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SDG&E Blackout Plan Would Pay Firms to Use Generators
Utilities: Program in which large customers produce their own power is forecast to cut demand by as much as 50 megawatts, save $1.6 billion.
By NANCY RIVERA BROOKS, Times Staff Writer
San Diego Gas & Electric unveiled a novel plan Thursday to pay customers to fire up their backup generators when blackouts threaten. The utility said the program could cut demand on the power grid by 50 megawatts--enough to serve about 37,500 homes--allowing it to avoid or minimize blackouts this summer in San Diego and southern Orange County.
"California needs an infusion of new power supplies, but in the interim, we hope this unique program will help shield San Diego from some of the devastating effects of rolling blackouts this summer, including the increased risks to public safety and health," SDG&E President Debra L. Reed said.
The Rolling Blackout Reduction Program, as the Sempra Energy subsidiary has dubbed it, would cost $15 million to implement but could save the region as much as $1.6 billion in lost revenue reduced productivity and property damage, the utility has estimated.
Energy experts are forecasting a dark summer for California, with blackout totals ranging between 20 hours and 1,100 hours. The California Independent System Operator, which runs the electricity transmission grid for most of the state, has said residents face 34 days of rotating outages if they use the same amount of electricity this summer as they did last summer.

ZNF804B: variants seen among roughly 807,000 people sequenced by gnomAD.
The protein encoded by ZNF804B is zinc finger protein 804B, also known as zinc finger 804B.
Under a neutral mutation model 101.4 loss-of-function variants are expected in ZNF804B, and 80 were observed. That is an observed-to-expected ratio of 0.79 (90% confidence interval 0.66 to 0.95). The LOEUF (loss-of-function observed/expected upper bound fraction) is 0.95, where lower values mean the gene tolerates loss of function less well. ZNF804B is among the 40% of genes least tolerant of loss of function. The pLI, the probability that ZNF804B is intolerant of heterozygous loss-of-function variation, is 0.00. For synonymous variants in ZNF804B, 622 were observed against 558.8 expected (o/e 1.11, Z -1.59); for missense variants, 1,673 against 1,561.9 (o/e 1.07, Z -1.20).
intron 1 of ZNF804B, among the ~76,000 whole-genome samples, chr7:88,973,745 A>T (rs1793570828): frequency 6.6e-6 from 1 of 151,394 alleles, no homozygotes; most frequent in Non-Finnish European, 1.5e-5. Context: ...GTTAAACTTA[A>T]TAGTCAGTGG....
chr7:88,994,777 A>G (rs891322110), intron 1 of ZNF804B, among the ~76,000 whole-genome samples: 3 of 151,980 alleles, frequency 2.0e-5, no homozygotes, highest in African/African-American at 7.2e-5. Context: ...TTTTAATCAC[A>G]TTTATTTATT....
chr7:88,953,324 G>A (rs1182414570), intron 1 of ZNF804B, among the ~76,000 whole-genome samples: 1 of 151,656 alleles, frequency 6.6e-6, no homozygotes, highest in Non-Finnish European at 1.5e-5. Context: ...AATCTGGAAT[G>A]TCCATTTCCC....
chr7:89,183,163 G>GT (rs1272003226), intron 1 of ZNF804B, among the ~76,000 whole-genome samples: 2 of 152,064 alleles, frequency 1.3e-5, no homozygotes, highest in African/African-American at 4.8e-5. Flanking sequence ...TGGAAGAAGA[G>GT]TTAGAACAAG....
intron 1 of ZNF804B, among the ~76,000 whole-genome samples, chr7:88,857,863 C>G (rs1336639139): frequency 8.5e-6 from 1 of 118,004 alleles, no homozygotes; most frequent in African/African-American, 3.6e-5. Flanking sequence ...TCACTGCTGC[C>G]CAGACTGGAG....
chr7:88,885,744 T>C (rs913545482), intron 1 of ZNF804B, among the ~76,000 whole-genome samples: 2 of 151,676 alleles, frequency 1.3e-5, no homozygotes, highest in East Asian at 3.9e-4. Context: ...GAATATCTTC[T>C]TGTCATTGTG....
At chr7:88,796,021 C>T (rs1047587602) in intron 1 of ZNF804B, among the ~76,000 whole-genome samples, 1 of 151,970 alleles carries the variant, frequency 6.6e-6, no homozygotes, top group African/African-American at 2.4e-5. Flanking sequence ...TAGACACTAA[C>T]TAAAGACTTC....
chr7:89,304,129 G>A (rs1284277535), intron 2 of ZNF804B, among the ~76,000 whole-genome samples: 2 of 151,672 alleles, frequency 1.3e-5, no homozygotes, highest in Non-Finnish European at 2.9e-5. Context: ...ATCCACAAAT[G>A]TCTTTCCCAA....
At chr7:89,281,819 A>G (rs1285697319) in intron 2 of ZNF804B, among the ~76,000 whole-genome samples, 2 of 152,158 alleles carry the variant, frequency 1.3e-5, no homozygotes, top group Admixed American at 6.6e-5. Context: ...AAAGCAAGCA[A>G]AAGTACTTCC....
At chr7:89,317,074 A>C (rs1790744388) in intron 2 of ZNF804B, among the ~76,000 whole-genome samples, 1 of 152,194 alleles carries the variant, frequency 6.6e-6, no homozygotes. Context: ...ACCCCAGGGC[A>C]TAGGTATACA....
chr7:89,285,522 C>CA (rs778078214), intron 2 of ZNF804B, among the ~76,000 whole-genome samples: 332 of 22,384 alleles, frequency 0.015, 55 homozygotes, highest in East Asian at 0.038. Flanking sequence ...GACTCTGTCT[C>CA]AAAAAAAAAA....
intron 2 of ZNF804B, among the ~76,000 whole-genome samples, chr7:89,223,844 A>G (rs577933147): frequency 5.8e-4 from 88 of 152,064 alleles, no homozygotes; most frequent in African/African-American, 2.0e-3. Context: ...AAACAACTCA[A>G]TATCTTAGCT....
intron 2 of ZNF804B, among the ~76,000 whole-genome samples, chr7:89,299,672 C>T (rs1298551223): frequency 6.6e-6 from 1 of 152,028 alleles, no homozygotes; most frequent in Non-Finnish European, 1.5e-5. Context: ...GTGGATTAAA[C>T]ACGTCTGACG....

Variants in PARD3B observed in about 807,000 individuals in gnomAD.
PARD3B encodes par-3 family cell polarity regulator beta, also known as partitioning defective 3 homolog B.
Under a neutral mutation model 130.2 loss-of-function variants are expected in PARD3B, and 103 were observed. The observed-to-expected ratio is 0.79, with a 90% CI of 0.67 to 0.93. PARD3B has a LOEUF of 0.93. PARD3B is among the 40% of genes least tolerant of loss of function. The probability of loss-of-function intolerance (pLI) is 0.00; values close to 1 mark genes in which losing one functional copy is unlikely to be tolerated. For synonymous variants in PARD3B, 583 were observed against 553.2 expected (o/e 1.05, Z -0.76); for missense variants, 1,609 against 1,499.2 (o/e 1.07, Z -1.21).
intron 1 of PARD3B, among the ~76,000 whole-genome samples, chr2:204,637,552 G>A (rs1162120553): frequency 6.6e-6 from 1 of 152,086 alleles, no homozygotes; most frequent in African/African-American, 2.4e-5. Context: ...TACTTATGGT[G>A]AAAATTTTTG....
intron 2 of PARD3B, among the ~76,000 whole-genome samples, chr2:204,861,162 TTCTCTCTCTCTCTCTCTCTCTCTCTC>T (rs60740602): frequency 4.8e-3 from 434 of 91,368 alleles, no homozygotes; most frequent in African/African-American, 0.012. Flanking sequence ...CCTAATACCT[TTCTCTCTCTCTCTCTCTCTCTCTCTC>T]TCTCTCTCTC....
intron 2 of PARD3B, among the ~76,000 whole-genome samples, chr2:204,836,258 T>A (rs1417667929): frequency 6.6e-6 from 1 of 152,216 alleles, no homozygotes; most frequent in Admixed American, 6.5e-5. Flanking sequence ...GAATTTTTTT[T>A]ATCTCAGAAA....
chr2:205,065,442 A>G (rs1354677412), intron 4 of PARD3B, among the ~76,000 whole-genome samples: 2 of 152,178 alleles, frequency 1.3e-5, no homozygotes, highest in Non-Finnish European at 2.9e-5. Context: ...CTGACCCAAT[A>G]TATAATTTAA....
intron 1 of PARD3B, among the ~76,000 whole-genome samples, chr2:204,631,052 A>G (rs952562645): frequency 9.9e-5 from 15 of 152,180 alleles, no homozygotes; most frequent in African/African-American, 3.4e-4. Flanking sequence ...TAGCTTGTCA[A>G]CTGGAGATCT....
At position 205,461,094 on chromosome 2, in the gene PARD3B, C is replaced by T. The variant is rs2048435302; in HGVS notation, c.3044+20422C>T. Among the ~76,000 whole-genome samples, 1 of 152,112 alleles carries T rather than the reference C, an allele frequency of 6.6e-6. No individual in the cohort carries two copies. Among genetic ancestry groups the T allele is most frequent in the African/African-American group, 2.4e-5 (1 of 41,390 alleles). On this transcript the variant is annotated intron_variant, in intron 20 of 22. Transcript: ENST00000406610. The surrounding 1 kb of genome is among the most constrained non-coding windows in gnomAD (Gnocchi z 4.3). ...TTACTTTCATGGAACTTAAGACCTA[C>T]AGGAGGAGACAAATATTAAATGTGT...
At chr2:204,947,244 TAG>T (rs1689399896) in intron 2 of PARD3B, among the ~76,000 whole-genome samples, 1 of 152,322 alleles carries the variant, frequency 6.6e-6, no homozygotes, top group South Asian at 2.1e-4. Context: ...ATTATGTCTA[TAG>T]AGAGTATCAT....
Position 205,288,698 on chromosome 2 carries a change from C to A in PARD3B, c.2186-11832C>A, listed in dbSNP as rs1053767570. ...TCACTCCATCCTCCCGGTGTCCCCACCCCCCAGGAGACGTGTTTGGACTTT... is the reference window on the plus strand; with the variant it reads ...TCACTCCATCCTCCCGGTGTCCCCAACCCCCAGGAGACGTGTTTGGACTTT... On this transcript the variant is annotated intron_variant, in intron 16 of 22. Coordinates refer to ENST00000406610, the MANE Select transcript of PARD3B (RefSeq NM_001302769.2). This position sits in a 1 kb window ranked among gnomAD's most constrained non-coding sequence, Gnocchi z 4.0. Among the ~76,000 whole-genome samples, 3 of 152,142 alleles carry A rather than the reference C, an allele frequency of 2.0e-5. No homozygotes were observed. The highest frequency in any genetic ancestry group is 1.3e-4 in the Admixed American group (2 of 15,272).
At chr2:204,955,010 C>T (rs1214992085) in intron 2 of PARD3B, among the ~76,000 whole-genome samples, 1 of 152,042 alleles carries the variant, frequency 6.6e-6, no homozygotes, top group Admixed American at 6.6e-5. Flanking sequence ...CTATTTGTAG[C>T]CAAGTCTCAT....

The state and utilities have been working feverishly to develop programs that will reduce electricity use this summer. SDG&E, Edison International's Southern California Edison and PG&E Corp.'s Pacific Gas & Electric have programs that grant large customers lower electricity rates in exchange for cutting electricity use when Cal-ISO declares a Stage 2 emergency as power reserves dip below 5%. But participation in those programs has dropped sharply because of repeated power interruptions.
SDG&E's "interruptible" program represents 49 megawatts of demand, half of what it was in October, spokesman Ed Van Herik said. The new SDG&E program, which must be approved by the California Public Utilities Commission, would kick in whenever Cal-ISO declares a Stage 3 emergency, indicating that power reserves are down to 1.5% of demand and that rolling blackouts are imminent.
SDG&E hopes to sign up 50 megawatts of backup generation, representing about 40 large commercial and industrial customers, but believes customers capable of generating a total of 200 megawatts may be eligible for the program, Van Herik said. "We found a lot of customers are interested in this program," he said. "This is an opportunity for San Diego to become involved."
During a Stage 3 order, program participants would be asked to start their backup generators and then reduce the electricity they receive from SDG&E by the same amount.
Participants would be paid a monthly fee of $7 per kilowatt of generation capacity. On top of that, they would receive 35 cents for every kilowatt-hour of power they generate for their own use. That price is about what power plant owners have been commanding in California's pricey electricity market.
"We think the fees we are proposing are fair," Van Herik said. "These aren't people who are in the generation business, and undoubtedly there will be wear and tear on equipment and increased personnel and fuel costs."
The program, which SDG&E wants to implement by June 1, would operate in compliance with air pollution regulations, the utility said.
Copyright 2001 Los Angeles Times
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